Ary Scheffer was born in Dordrecht in 1795, the son of portrait- and history painter Johan Bernard Scheffer (1765-1809) and Cornelia Lamme (1796-1839), a painter of minatures. After training by his father, Scheffer became court painter to Louis Napoleon in Amsterdam. He left for Paris in 1811, where he studied at the Ecole des Beaux-Arts and with P.N. Gurin. He was later influenced by Delacroix and Gricault. Scheffer soon became a much sought after artist, with high prices being offered for his works at the Paris Salons. Apart from travelling to England and Holland, he remained in France, and died in Argentueil.
Most of Scheffer's work remained with his family until after the death of his daughter, who bequethed 341 drawings and a number of pictures to the Dordrechts Museum in 1900, and other pictures to the Louvre, Paris.
In 1877, at the age of twenty three, Vincent van Gogh worked with the bookdealers Bluss & van Braam in Dordrecht. Opposite the bookshop was Ary Scheffer's statue, a tribute to the city's famous son. Van Gogh was fascinated by the Scheffer's work and after seeing his picture Christ at Gethsemane in the Dordrechts Museum, he wrote to his brother Theo "that is something never to forget" (V. van Gogh, Verzamelde Brieven, Amsterdam, 1974, I, p. 92). The picture was Scheffer's first version of the composition, dated 1839, the year it was exhibited at the Paris Salon. While his other pictures exhibited at the 1839 Salon were well received, the critics were unimpressed by this particular work, judging Scheffer's Christ as too human, and lacking the spiritual impact. Scheffer withdrew the picture from the Salon before it closed, overpainted the Angel in the upper right, and gave it to his mother as a birthday present on 23 April 1839. It remained in his workshop until his death, when it was bequethed to the Dordrechts Museum (L.J.I. Ewals, De Christus in Getsemane van Ary Scheffer, Antiek, 10, May 1994, pp. 454-9, fig. 1).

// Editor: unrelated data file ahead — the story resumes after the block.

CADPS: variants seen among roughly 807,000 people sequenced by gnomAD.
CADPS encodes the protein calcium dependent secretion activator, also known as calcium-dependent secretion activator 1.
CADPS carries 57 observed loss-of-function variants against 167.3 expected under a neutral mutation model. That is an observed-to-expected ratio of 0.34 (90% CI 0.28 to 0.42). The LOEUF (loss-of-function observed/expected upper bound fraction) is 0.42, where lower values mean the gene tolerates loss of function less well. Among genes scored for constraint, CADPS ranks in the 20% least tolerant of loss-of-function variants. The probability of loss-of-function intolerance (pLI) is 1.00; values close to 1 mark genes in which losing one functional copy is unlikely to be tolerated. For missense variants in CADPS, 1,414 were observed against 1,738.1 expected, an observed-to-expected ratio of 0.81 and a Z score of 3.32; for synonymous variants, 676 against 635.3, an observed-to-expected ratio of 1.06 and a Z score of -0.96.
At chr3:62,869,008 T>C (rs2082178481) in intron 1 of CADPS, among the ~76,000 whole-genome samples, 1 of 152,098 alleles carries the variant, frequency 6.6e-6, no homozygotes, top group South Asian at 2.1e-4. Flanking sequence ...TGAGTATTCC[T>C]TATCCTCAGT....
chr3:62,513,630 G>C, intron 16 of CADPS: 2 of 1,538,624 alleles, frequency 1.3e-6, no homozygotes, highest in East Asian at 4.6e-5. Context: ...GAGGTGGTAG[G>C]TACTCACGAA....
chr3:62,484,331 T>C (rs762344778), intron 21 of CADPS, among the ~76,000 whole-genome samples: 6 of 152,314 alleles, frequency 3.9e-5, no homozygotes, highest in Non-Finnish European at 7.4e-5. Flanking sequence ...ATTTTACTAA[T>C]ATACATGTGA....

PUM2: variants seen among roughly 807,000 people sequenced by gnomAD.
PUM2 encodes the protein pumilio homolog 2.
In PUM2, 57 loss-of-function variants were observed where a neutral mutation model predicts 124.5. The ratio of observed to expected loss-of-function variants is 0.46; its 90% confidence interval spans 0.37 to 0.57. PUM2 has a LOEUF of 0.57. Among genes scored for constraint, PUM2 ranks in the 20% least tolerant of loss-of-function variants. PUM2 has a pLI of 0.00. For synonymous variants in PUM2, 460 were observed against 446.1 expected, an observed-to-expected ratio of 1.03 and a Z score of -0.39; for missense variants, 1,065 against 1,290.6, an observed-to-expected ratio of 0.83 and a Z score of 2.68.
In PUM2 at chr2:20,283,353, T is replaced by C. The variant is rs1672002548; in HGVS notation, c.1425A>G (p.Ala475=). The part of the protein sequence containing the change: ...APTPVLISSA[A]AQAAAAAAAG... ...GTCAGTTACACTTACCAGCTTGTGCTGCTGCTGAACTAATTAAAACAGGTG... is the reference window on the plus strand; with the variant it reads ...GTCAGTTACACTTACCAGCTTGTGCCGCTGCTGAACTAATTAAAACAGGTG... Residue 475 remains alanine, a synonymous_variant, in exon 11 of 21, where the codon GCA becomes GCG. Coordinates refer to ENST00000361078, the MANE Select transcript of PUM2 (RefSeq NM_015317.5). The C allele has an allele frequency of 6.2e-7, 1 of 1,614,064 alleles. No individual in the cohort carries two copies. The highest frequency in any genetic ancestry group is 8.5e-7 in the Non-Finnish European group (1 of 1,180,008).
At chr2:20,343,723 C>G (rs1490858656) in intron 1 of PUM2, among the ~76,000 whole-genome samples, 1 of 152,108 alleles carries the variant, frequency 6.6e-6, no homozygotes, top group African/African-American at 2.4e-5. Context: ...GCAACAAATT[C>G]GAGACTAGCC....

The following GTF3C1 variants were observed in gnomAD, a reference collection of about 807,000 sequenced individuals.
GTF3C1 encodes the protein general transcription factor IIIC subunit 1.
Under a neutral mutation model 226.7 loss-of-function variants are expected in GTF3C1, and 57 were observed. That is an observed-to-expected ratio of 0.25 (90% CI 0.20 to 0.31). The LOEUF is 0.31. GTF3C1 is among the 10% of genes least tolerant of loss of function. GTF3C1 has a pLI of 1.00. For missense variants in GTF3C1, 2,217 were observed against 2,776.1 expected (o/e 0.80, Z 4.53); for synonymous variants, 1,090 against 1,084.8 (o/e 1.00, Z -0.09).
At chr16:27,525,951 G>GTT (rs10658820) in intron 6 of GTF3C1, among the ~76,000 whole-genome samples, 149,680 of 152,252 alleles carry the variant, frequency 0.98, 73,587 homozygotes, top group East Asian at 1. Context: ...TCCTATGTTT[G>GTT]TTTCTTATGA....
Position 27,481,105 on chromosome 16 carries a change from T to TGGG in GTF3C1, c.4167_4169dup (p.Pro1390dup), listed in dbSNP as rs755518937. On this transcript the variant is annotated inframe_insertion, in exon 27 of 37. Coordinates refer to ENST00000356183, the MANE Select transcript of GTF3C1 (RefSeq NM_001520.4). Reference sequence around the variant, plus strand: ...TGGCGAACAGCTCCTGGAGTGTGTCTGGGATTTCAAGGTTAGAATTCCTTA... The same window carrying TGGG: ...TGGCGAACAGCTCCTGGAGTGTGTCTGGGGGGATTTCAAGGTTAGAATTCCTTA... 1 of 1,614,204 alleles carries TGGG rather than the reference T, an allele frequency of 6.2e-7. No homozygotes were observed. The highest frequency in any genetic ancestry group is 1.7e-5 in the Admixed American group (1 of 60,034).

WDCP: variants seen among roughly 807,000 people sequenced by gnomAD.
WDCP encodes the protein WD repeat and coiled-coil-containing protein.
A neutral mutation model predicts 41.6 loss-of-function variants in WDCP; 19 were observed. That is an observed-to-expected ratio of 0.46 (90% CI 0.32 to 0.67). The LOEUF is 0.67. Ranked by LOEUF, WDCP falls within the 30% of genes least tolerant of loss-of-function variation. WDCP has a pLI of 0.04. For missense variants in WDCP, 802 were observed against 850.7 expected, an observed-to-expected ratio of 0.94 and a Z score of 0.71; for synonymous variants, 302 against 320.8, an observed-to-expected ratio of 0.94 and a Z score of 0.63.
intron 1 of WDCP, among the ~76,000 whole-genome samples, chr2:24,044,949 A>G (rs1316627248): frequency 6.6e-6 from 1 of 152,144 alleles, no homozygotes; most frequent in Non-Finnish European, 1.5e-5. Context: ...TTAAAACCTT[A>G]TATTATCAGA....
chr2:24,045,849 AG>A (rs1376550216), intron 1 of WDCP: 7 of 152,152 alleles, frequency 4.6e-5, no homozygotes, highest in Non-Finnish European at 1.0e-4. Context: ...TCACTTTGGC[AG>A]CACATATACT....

Scheffer painted a second version of the same subject, including the Angel, carefully adjusting the composition according to the criticism given at the Salon. Ewals (Ary Scheffer 1795 * 1858 Gevierd Romanticus, Zwolle Dordrecht, 1995, pp. 236-9. no 57) dates it to circa 1839, and records it as having been last seen at the exhibition of Scheffer's work in Paris in 1859, only knowing it from an engraving by A. Caron dated 1855 (fig. 1). Apparently unknown to Ewals, the second version is known from an old photograph at the Rijksbureau voor Kunsthistorische Documentatie, The Hague. According to information on the photograph it was dated 1845, and exhibited at the Scheffer exhibition in Paris in 1859 as no. 58. It is recorded as in the Collection of Lord Samuel Ashton of Hyde, Broadwell Hill, Moreton in Marsh, Gloucestershire.
The present lot is a finished study for the second version, closely comparable to the engraving and the picture from the Ashton Collection. Scheffer presented a sketch of the composition to Frdric-Auguste Bartholdi, the sculptor of the Statue of Liberty in New York, or his brother Jean-Charles, who were both his pupils in the 1850s (now in the Muse Bartholdi, Colmar, Ewals, op.cit., 1994, fig. 6)